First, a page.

was first roasted on the fire for five minutes then frayed with edge of knife. This preparation was placed on the cut with a leaf and held in place with thin strips of bark. John and Tingang thought Eric was using “obat” magic/medicine to grow his mustache because they couldn’t grow one. You have to watch out for red caterpillars because the hairs on them would go in the septic wound. John told the story of how the Penan came from. There was a hole in the tree and another tree with branches and wind blew and man and woman saw it and imitated the trees because the branches were going in the hole. To tell where a person has been there were messages on a stick that was sticking up from the ground. The Penan had their own jungle talk to avoid scaring the wildlife and to conceal messages from strangers. They use relay whistling. They carried blow darts. They have a solo dance called ngajat. They wear red, white, and blue loincloth at the night party. Then the females got up and danced and then after they finished their regular dance they started to dance dirty.

In chapter four we learned that during World War II paratrooper landed and the Kelabit tribe wanted to know if the white men was human. An Irau is a big party to show unlimited hospitality and what you bring to the party people will remember down the road. Use to last two to three days but since Christian missionary, it now ends before midnight on the first day. Debt from a grandfather is passed on to the grandson. You can ask for something else besides what you owe. During an Irau, the Kelabits have official names for their National Identity cards but change their names frequently. The missionaries were passing songbooks to the Penan, but they can’t read. They would pray out loud different prayers at the same time. Once Eric made it to the border of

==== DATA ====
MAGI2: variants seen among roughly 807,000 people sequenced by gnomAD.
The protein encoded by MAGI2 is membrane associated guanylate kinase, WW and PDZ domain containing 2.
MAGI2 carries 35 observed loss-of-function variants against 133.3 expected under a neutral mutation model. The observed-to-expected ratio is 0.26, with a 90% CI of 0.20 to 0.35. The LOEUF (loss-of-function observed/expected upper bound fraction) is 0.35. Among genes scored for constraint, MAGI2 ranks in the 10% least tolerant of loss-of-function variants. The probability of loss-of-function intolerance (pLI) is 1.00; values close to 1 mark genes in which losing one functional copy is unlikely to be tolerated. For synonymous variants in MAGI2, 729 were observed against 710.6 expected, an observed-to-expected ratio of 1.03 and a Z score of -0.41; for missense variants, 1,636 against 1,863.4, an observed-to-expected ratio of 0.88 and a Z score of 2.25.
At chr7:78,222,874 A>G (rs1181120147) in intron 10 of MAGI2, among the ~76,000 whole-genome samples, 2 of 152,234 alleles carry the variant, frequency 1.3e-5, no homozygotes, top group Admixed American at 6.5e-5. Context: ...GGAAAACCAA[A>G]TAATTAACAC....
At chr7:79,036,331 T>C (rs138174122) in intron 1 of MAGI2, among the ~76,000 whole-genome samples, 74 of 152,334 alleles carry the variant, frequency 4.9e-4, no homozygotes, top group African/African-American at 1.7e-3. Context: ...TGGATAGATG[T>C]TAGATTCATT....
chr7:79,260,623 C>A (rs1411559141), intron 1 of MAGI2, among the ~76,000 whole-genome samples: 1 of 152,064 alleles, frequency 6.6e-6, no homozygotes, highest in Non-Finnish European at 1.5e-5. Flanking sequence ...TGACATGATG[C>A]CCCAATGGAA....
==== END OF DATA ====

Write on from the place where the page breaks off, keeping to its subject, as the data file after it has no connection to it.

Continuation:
Kalimantan, Pedera Ulan said he must obtain a “surat jalan” walking letter show it to the first headman and he will write you a new letter so you won’t travel as a stranger. Guides from headman are responsible for you. People in the center of Borneo have long memories and any local who violates the code of village hospitality can expect his family and their descendents to bear the guilt of his actions. Pedera Ulan told Eric about “Elmu hitam” the practice of black magic and certain people with “sakit hati” sick livers/bad hearts can cause illness be sending a “pisau” knife through the air over any distance. It enters the victim’s body, and he or she gradually weakens over several months and dies. People from the Mahakam River, can send a “djarum” needle, splinter of wood from the ironwood tree, or a “tulang” bone through the air. These objects can also be hidden on the footpaths. They painlessly enter the foot, and a lingering illness and death follow. Only a “parang” machete from the local iron ore can kill a practitioner of “black magic”. Saying goodbye and thank you is not in the Penan behavior.

In chapter five we learned that if Eric was caught with shotgun shells at the border, he could have received a year in jail for each shotgun shell. He had the shotgun shells as money. Indonesian government encourages that all problems on the village level be brought to, “kepala adapt”, the headman; instead of imposing a set of modern laws. People believe that if a decision is not reached quickly, bad feelings